At the risk of being entirely wrong, here is an assessment of the political implications of floods in Pakistan.

1. Fears of Pakistan ending up as a “failed state with nuclear weapons” are overblown. The disaster is unprecedented and the response understandably inadequate but it does not set off an explosive dynamic along political faultlines.

2. Political changes are unlikely. The disaster has further cemented the army’s popularity, allowing it to claim credit for the government’s successes (for it is a part of the government) but avoid the blame for the failures (which accrue to the civilian political leadership). Given the immense challenge of rehabilitation and reconstruction that lies ahead, General Ashfaq Kayani would have to be a conceited fool–which so far at least, he has shown no signs of being–to want to countenance a change in the political set-up. A weak, powerless and unpopular President Asif Zardari is just what he needs. Nawaz Sharif’s hopes to become the prime minister are unlikely to fructify before the next election because he is popular, has political weight and could challenge General Kayani’s hold on power.

3. Pakistan will not only receive debt waivers but also see a relaxation of conditions relating to financial assistance. While this will come as a relief for the government and the elite, it will weaken the endogenous factors that will aid recovery by delaying the implementation of important macro-economic reforms. It will also ensure the perpetuation of the current political setup because debt waivers and unconditional assistance will come much easier if there’s a facade of a democratic government. Furthermore, given that a significant part of the international assistance will be routed through international agencies and NGOs, it will not strengthen the Pakistani government’s civilian capacity.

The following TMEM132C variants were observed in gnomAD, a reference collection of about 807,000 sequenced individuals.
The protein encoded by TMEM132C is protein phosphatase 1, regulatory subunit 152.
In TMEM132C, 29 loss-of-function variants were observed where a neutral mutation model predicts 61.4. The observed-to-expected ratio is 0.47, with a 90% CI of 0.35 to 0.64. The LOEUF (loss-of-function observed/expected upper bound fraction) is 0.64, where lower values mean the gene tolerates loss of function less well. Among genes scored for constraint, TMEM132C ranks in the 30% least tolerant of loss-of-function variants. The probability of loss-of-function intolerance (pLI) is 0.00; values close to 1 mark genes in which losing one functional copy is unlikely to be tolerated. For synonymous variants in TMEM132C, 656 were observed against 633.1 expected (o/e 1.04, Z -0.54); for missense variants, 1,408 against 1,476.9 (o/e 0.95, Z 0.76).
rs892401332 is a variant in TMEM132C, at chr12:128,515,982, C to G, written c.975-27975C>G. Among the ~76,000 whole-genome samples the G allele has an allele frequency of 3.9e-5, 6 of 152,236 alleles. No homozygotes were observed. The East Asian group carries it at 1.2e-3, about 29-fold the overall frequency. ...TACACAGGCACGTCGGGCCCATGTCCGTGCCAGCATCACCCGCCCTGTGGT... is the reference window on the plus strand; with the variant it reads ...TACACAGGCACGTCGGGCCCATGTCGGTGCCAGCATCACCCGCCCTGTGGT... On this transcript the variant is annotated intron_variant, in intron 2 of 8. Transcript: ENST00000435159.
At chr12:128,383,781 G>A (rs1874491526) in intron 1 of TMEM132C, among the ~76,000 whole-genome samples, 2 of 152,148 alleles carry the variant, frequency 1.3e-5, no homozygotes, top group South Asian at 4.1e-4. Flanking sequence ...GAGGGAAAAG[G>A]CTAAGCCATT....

4. Jihadi militant organisations will become more powerful but will not be allowed to increase their political profiles. This disaster, like the 2005 earthquake, is being used by organisations like the Lashkar-e-Taiba to bolster their credentials as a providers of social services. However, to the extent that the Pakistani government will be dependent on international assistance–and it will become more so in the immediate future—the military establishment will not allow such organisations to make a direct play for power. Let’s not forget that the LeT is a surrogate of the Pakistani military establishment, which, if it wants to, can directly seize power in a coup.

5. The military establishment will use the disaster as an alibi for downgrading its war against the Tehreek-e-Taliban-Pakistan in North Waziristan and elsewhere. Engaging in disaster relief will draw on military resources from the battle against the taliban, but there are deeper reasons for the army’s unwillingness to sustain battle against them. How quickly and to what extent it will resume the fight depends almost entirely on how much the United States can coerce the army.

6. Pakistan’s support for the Taliban insurgency in Afghanistan will not be interrupted. The US will find it difficult in the coming months to press the Pakistan army to cooperate in counter-insurgency operations because of the alibi. The direction of the war in Afghanistan will therefore depend on the Obama administration’s political will and determination.